• Magnetic hoops – Hooping between the rings of the hoop provides the best security and stabilizer but accurate hooping is difficult so many embroiderers choose to “float” their projects. Floating (stabilizer is hooped but fabric is not) doesn’t provide the best stability. Magna-hoops and Snap Hoops let you hoop more accurately, and more evenly without floating. Yes, they are somewhat pricey but when you figure in your time and the improved quality of your embroidery over floating, they’ll pay for themselves in no time!
    • Pal Laser Light – I have the PAL 2 and I love this gadget. It will project a laser cross hair onto your project to help with accurate hooping or to verify your hooping. If your machine doesn’t have a fancy camera to automatically align your design, then this is the next best thing!
    • Hemingworth Double Sided Embroidery Tape – an alternative to sprays. It grips much better than sprays plus it’s more environmentally friendly
    • Stitch it Straight Deluxe – In my Craftsy class, 20 Things Every Machine Embroiderer Should Know, I demonstrated a basic hooping station (Embroiderer’s Friend) that has since vanished from the market. This one looks very close to it. What I like about it is that it’s versatile, easy to use, and easy to take along.

Stitch it Straight Deluxe

  • Embroidery Placement Ruler Adult Shirts Size Small – 4XL – Once again, a replacement item for something I’ve long used and found ideal (Embroiderer’s Buddy). This gadget will help you get an accurate placement for left chest logos and help you avoid placements that are too low (“headlights”) or too far towards the sleeve (armpit designs).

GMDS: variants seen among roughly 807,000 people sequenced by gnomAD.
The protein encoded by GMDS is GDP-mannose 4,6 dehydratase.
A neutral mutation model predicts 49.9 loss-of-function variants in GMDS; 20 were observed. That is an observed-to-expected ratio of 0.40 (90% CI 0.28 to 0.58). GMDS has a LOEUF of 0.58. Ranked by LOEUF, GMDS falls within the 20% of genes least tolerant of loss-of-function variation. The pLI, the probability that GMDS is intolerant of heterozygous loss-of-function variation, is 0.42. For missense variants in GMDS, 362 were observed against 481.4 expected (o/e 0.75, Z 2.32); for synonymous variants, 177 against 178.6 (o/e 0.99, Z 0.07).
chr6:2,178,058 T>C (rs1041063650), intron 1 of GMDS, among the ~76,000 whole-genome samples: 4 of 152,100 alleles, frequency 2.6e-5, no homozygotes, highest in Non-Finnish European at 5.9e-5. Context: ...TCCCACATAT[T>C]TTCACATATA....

Adhesives

Adhesives are useful hooping aids by helping to secure layers for stitching. I use them sparingly and when needed, not as a routine matter of course.

  • TESA – You’ll hear me use this term a lot and it’s one I coined for “temporary embroidery spray adhesive.” My favorite go-to brand is Sulky KK2000. I like the more directed spray it produces. A caution with many adhesives is not to get your project wet until the TESA has dissipated or you will end up with a gooey, gummy mess. You can force dissipate KK200 with a warm, dry iron or even a hot hair dryer. Other brands, such as 505, are available, try some and see what you prefer. Do make sure it’s temporary! Find TESA at your local sewing supply store, Amazonembroidery.com and Nancy’s Notions.
  • Double-stick embroidery tape. The brand I use is Hemingworth. Here in the U.S., I get it from embroidery.com. My Aussie friends can find it at Echidna. This stuff is super sticky and holds very well. Don’t sew through it though, because it will gum up your needle, which will break threads. Also, because it’s so sticky, I don’t recommend it for napped fabrics like terry cloth.
  • Washaway Wonder Tape. This is a water soluble sew through tape designed for sewing. I mostly use it for holding zippers in place for in-the-hoop projects. Get it from your local sewing store or from good old Amazon.